Healthy sex isn’t just about excitement or reaching a climax—it’s about the two of you relating, connecting, knowing, and authentically being there for each other. If sex doesn’t affirm who you are, there’s a good chance you’re not being made love to; you’re likely being used. Perhaps you feel like you have to be someone you’re not to keep your spouse interested or from acting out inappropriately. That’s manipulative sex; that’s co-dependent sex, it’s not healthy sex.
Sex should affirm and reaffirm who you are, your sense of worth, your sense of being valued, and your sense of relationship. A healthy sense of your sexual self will promote both a profound sexual intimacy but also an amazing sacred marriage full of deeply connecting moments.
- Healthy sex is fun
Husbands, life is so difficult for our wives. Their schedules get stretched, they get stressed, and they have so many demands on their time. Sex is an opportunity to have a whole lot of fun. If our wives think of sex as another chore, another “to do” item that needs to be checked off before they can be left alone and go to sleep, it’s not healthy. If times of sexual intimacy are draining our wives rather than pleasing them, we’re simply doing it wrong.
The good news is that God designed a woman’s body to respond to her husband with enthusiasm. He gave her an organ with one, and only one purpose: ecstasy during sexual relations. You can take a major step toward sexual health by spending an evening asking your wife when she’s had the most fun during sex. Use that word “fun” so she can be honest about what pleases her. Ask her what would make it even more fun, and make future plans accordingly.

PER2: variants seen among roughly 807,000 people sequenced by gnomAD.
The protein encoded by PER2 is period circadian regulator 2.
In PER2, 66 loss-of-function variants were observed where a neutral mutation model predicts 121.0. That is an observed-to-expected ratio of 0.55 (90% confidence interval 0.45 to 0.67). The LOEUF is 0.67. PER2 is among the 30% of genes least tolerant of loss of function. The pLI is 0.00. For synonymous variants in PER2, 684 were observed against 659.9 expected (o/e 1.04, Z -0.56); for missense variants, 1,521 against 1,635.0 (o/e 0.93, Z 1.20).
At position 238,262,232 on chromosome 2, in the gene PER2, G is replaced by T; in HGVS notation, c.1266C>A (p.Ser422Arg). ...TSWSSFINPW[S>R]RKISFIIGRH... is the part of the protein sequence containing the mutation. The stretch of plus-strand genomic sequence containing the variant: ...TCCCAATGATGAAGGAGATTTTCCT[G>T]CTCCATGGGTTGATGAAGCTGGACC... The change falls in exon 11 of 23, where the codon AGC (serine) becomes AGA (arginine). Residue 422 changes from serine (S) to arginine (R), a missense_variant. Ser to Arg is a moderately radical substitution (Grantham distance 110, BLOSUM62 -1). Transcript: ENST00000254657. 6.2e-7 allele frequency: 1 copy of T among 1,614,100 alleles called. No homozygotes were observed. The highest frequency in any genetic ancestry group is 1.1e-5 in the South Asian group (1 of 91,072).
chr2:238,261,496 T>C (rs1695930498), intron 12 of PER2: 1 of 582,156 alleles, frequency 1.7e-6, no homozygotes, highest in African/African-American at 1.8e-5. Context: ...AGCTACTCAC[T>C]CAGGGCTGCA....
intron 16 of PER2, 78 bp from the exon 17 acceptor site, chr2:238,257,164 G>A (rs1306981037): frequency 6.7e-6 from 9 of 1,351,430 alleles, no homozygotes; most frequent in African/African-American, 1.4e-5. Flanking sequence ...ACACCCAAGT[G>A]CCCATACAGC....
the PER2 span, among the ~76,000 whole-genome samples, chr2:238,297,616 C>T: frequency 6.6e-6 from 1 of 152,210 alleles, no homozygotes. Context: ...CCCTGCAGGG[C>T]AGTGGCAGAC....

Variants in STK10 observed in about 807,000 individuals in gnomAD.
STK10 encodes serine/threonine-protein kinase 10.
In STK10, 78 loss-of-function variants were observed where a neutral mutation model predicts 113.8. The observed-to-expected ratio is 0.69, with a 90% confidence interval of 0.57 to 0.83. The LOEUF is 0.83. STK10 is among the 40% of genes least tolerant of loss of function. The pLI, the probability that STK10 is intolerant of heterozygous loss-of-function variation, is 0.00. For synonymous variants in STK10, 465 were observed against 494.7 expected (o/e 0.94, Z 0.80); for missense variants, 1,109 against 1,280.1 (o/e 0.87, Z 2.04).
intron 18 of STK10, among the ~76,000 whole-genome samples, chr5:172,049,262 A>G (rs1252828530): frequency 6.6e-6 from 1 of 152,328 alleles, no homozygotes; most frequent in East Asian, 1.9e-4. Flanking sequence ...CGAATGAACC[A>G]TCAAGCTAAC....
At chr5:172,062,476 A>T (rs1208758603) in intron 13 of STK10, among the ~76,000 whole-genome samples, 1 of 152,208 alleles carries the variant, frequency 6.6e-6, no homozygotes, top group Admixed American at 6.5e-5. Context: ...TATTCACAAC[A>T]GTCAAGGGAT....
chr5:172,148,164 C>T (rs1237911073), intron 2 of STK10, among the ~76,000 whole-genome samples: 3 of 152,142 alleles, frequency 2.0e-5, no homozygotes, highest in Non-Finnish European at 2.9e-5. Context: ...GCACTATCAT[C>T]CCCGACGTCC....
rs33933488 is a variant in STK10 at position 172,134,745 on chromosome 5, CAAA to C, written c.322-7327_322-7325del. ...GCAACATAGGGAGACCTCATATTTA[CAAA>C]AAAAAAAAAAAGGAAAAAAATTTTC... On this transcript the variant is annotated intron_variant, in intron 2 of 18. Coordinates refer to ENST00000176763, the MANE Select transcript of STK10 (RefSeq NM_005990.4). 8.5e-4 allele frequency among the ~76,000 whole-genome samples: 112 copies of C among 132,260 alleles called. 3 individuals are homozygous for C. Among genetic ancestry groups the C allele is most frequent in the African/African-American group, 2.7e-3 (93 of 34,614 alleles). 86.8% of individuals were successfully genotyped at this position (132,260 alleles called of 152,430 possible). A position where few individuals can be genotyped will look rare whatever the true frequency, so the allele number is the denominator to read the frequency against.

Some people run to lose weight. Some people run to stay in shape. Some people run because they love it. In the same way, aim for your wife having sex not because she doesn’t want to turn you down, or because she’s afraid you’ll sin if she refuses you. Make it your goal that your wife wants to have sex because she really misses it and wants to have a superlatively good time.
She may say, “I’ll enjoy it more if we have it less.” Be willing to consider this. If you can increase the quality of the experience, her desire for quantity may eventually grow as well, but it will take time. If you maintain the long-term view, you’ll ultimately be serving your own interests.
Gary Thomas, GaryThomas.com
If after reading this list you sense you are in an unhealthy or coercive sexual relationship, please note that you’ll want to receive some professional care. There’s nothing I can say in the comments section of a blog to solve or even adequately address your problem. These two blog posts are designed to unmask unhealthy relating in order to point you elsewhere toward a place of healing and redemption.
So, for help:
- Harry Schaumburg’s website http://stonegateresources.org/ offers many additional articles and advice for those facing sexual brokenness and addiction (including articles and information about intensive programs). His offices are in Wisconsin.
- My friend Dr. Mitch Whitman mitchwhitman.com specializes in helping men and couples overcome sexual brokenness; he lives and works north of Seattle, Washington, but often counsels via remote website connections.
- I’ve referred several couples to Dr. Doug Rosenau, whose office is near Atlanta, and who co-founded the organization Sexual Wholeness (.com). Doug is a Christian sex therapist and author. You can find more information about Doug at http://dougrosenau.com/.
- My friends Dr. Juli Slattery and Linda Dillow have a wonderful site geared for women that can be found at http://authenticintimacy.com. I’m also a fan of Shelia Gregoire’s blog: http://tolovehonorandvacuum.com. Though Sheila doesn’t exclusively address sexual intimacy, she frequently does, and her advice is well thought out and biblical.